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Dark Souls progress: part 1

Monday 10th February 2014 Leave a comment Go to comments

Not being a PS3 owner, it’s no surprise that Demon’s Souls passed me by. But somehow, I managed to completely miss the fuss about Dark Souls until very recently. The 400-page-plus thread on the main videogame forum I visit was one my eyes always glanced past in the topic index. So it wasn’t until last year’s anniversary issue of Edge proclaimed it one of the games that Should Have Got A Ten (alongside my beloved GoldenEye) that I took any notice of it:

People fixate on the difficulty because it’s the easy talking point, but FromSoftware’s masterpiece is arguably less preoccupied with difficulty than your garden-variety firstperson shooter. We’ve grown accustomed to being asked to choose between words like casual, normal, legendary, survivor, insane, nightmare and the rest before we ever taste a second of gameplay. Dark Souls boasts the courage of its design convictions. The world of Lordran has an established temperament and everyone who travels there will face the same travails. The uniformity of experience is part of what makes flinty-eyed Dark Souls veterans feel such intense solidarity when they discuss the game. Nobody gets a free pass. Nobody is born with a silver dagger clenched in their teeth.

The game holds you in exceedingly high regard. It believes you are capable of accomplishing remarkable feats, ones that might well seem impossible when first encountered. If you bailed out before completing the game, it was only because you disagreed with its opinion of your capabilities.

That had me intrigued. Then in December it was offered for about £4 as a download on Xbox Live, so I snapped it up.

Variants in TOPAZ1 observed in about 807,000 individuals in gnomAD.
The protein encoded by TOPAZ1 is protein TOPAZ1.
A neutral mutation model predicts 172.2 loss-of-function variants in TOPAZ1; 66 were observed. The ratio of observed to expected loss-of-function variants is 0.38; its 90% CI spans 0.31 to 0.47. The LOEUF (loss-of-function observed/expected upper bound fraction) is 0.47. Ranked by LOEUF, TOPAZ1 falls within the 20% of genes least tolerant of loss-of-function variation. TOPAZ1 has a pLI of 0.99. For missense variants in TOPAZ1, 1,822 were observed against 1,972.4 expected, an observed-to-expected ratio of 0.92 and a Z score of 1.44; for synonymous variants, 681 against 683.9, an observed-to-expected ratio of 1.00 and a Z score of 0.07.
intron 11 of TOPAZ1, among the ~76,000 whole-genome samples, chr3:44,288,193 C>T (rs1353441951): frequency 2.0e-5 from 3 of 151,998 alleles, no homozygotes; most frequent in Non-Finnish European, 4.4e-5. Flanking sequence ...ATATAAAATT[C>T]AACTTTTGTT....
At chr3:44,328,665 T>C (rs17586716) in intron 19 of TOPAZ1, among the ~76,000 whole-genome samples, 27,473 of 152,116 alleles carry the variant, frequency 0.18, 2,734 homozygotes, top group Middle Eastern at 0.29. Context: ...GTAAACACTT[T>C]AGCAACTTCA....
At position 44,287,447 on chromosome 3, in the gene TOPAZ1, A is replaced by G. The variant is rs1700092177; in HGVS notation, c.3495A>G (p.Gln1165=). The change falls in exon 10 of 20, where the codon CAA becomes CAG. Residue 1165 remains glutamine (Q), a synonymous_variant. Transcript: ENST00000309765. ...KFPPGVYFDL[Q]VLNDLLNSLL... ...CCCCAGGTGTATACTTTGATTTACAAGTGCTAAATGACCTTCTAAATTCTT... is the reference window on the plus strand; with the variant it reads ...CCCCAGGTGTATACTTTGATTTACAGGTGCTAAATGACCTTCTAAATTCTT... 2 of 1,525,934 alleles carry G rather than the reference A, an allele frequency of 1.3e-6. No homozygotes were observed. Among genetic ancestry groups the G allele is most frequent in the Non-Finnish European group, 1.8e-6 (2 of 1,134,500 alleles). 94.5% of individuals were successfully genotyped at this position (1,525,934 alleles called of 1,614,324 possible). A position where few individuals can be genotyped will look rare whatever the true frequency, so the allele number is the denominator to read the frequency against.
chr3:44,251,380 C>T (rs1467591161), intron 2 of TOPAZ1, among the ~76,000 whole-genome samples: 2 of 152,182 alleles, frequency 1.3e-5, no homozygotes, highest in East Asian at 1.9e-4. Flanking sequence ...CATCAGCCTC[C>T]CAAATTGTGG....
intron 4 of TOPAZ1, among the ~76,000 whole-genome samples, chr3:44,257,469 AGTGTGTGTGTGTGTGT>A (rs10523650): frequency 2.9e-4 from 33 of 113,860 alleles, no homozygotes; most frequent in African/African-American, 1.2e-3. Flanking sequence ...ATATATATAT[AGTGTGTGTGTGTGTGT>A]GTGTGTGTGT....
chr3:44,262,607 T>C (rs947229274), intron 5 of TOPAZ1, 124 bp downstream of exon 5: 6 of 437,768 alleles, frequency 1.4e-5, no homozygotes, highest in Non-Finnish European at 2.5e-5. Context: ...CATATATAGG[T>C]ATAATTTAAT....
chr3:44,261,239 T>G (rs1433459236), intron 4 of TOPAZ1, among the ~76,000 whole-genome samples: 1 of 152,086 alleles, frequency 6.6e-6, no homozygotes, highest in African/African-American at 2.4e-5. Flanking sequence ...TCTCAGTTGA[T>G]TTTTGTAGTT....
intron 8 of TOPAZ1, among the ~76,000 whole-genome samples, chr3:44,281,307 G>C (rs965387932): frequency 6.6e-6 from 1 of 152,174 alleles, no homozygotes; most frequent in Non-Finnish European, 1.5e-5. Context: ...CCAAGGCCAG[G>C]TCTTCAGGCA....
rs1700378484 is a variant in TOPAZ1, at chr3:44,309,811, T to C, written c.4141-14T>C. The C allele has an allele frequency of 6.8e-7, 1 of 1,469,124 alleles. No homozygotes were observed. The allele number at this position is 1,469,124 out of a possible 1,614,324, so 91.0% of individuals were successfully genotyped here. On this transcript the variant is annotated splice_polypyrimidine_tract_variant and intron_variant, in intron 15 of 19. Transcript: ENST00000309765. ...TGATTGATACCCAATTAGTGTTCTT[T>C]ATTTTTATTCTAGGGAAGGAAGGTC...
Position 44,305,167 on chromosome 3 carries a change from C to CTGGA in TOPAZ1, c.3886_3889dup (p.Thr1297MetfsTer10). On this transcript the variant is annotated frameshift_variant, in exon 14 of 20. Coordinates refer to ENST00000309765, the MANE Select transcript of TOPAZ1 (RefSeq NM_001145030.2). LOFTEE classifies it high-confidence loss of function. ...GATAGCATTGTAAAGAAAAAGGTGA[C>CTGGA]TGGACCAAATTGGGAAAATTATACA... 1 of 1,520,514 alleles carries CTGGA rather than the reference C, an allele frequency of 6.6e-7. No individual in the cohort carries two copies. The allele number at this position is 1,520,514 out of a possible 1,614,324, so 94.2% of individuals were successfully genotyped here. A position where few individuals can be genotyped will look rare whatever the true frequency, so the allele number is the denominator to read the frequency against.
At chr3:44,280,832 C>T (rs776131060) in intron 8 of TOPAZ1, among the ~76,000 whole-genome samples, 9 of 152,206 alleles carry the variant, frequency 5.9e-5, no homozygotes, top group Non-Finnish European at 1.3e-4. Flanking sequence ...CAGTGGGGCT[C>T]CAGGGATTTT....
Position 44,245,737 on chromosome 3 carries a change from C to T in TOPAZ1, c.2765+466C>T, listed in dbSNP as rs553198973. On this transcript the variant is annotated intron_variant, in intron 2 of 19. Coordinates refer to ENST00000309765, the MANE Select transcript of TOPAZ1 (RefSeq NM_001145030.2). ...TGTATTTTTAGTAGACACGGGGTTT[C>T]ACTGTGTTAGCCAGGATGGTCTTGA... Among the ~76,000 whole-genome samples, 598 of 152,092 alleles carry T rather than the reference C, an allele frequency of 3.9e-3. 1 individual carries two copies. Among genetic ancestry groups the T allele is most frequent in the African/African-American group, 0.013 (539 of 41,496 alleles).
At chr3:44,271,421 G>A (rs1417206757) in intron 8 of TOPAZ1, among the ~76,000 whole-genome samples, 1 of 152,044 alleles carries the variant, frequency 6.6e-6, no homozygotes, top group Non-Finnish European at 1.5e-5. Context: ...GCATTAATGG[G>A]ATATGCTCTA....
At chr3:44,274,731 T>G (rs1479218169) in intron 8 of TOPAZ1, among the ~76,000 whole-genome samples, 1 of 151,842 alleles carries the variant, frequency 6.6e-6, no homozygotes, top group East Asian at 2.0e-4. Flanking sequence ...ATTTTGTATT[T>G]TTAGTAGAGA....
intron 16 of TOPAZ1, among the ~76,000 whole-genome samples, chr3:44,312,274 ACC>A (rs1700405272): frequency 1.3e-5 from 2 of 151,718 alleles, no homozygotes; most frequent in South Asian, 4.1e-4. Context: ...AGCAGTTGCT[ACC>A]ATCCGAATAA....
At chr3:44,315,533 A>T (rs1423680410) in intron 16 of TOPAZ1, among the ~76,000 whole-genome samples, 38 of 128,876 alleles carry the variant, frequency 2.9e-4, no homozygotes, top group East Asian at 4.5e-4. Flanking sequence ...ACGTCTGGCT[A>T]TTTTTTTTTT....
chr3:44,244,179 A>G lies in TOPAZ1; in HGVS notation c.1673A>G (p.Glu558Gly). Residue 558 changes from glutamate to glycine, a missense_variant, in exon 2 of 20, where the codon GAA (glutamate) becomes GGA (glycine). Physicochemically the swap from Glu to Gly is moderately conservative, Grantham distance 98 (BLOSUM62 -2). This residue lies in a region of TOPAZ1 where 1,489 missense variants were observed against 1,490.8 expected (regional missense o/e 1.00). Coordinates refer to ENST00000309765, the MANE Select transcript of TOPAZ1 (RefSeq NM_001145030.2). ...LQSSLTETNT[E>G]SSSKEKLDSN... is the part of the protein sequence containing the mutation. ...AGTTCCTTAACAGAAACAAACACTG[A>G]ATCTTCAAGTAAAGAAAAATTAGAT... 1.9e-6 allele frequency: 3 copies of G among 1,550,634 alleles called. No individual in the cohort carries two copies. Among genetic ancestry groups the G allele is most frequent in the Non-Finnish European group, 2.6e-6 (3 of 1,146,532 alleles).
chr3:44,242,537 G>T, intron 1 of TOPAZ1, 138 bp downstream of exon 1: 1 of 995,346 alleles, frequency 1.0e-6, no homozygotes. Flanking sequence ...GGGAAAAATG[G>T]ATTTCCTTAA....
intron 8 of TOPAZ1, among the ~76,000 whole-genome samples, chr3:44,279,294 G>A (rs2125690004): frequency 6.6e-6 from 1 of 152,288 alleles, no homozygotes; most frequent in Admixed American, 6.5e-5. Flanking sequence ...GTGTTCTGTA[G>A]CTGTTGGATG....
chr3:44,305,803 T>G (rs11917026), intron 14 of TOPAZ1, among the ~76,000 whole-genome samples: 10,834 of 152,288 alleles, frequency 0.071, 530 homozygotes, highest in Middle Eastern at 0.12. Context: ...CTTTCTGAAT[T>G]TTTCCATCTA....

This post – and subsequent ones in this series – are basically the progress updates I posted in the Rllmukforum Dark Souls thread. I bought the game and began playing early in December, but didn’t really get stuck into it until after Xmas. This first progress update was originally posted there on 1 January 2014 (getting stuck on Dark Souls: a fun way to spend New Year’s Eve!)

As for the difficulty: I’ve played lots of challenging games, but the hardest ones I’ve completed before now are probably Perfect Dark (you might not remember it being such a hard game, especially compared to Jet Force Gemini, but levels like Attack Ship and Maian SOS are ridiculous on Perfect Agent, especially with the low framerates of the original N64 version!), Ninja Gaiden Black (default difficulty) and Ninja Gaiden 2 (but only on its default Path of the Acolyte “Normal” difficulty; I’ve reached the werewolf boss in my Path Of The Warrior “Hard” run, which I return to approximately annually…).

Right, let’s praise the Sun and get going!


I initially started playing this as a Wanderer (I think?) with the Master Key. Spent ages using the ridiculously detailed options to perfect my character’s face, because I wasn’t sure if it was going to be one of those games like Mass Effect, where if I didn’t get the face exactly right, it would look weird and annoy me every time it was shown in cutscenes in close-up. Upon beginning the game, it seems like all those tweakable appearance options don’t matter much at all. 😦